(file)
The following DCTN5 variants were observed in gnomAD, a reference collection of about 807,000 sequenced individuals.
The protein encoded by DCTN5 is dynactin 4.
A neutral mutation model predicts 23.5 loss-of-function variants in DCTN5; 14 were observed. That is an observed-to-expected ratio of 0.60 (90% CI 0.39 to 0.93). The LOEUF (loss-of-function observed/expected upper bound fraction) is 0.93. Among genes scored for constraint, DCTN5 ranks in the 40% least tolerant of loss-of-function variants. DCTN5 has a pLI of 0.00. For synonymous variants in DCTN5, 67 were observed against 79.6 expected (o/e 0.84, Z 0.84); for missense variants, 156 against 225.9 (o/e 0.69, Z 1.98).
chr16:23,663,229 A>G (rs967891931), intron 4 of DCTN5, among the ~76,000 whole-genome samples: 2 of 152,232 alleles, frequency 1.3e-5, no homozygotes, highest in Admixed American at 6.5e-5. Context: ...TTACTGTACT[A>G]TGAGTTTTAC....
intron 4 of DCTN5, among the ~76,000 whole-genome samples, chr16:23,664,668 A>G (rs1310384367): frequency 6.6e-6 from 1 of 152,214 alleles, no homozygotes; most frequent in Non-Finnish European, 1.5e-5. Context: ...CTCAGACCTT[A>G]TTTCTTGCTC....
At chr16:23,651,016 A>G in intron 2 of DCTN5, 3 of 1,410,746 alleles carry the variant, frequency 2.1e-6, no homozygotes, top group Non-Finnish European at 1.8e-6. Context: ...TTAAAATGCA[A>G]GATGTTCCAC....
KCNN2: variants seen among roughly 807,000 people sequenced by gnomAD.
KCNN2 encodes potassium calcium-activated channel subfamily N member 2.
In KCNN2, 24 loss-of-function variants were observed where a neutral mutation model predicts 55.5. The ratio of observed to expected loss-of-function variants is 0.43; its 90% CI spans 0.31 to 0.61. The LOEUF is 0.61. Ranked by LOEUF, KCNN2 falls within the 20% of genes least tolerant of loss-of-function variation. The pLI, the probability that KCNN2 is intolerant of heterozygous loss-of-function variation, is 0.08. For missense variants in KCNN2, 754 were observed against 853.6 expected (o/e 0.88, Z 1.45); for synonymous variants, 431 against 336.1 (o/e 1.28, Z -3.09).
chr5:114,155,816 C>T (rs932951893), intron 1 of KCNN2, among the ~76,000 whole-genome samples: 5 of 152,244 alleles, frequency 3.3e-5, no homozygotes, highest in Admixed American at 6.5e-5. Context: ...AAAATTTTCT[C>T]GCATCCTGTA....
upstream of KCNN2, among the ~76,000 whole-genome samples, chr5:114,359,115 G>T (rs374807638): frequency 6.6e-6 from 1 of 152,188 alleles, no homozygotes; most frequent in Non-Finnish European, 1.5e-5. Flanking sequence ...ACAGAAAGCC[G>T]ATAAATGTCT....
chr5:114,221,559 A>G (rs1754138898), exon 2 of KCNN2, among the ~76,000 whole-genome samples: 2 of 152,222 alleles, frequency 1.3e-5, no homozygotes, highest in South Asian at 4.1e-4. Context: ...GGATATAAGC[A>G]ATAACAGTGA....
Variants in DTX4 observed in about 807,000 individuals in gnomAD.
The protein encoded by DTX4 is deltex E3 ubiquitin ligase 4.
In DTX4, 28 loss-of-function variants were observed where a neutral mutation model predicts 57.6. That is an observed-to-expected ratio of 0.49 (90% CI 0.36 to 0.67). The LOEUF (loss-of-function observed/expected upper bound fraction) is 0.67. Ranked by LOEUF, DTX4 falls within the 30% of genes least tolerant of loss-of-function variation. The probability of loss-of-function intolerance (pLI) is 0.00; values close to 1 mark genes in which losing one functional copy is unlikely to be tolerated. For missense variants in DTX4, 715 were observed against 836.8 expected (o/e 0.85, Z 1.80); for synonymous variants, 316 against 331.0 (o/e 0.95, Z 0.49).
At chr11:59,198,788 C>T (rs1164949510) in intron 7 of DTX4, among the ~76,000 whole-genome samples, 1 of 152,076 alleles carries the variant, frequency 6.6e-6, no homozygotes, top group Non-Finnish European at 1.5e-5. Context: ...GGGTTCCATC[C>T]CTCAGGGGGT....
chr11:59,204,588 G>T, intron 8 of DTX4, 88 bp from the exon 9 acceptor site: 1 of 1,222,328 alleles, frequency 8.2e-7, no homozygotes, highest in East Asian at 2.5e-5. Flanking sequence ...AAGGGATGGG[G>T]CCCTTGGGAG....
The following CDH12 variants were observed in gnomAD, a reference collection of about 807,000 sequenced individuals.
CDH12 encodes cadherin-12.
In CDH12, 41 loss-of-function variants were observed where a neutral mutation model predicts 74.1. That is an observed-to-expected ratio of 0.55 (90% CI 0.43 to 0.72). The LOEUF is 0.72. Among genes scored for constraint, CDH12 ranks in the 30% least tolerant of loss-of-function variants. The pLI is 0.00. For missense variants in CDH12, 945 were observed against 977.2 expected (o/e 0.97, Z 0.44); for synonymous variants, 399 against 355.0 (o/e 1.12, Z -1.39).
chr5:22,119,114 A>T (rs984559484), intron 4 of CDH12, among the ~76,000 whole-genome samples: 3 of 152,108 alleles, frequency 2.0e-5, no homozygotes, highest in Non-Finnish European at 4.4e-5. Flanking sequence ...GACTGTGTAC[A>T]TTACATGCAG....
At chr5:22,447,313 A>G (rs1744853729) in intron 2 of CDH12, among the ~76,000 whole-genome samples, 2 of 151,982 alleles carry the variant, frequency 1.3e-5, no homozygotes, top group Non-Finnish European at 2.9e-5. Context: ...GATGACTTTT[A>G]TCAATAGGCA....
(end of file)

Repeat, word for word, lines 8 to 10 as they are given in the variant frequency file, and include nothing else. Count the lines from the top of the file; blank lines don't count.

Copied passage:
KCNN2 encodes potassium calcium-activated channel subfamily N member 2.
In KCNN2, 24 loss-of-function variants were observed where a neutral mutation model predicts 55.5. The ratio of observed to expected loss-of-function variants is 0.43; its 90% CI spans 0.31 to 0.61. The LOEUF is 0.61. Ranked by LOEUF, KCNN2 falls within the 20% of genes least tolerant of loss-of-function variation. The pLI, the probability that KCNN2 is intolerant of heterozygous loss-of-function variation, is 0.08. For missense variants in KCNN2, 754 were observed against 853.6 expected (o/e 0.88, Z 1.45); for synonymous variants, 431 against 336.1 (o/e 1.28, Z -3.09).
chr5:114,155,816 C>T (rs932951893), intron 1 of KCNN2, among the ~76,000 whole-genome samples: 5 of 152,244 alleles, frequency 3.3e-5, no homozygotes, highest in Admixed American at 6.5e-5. Context: ...AAAATTTTCT[C>T]GCATCCTGTA....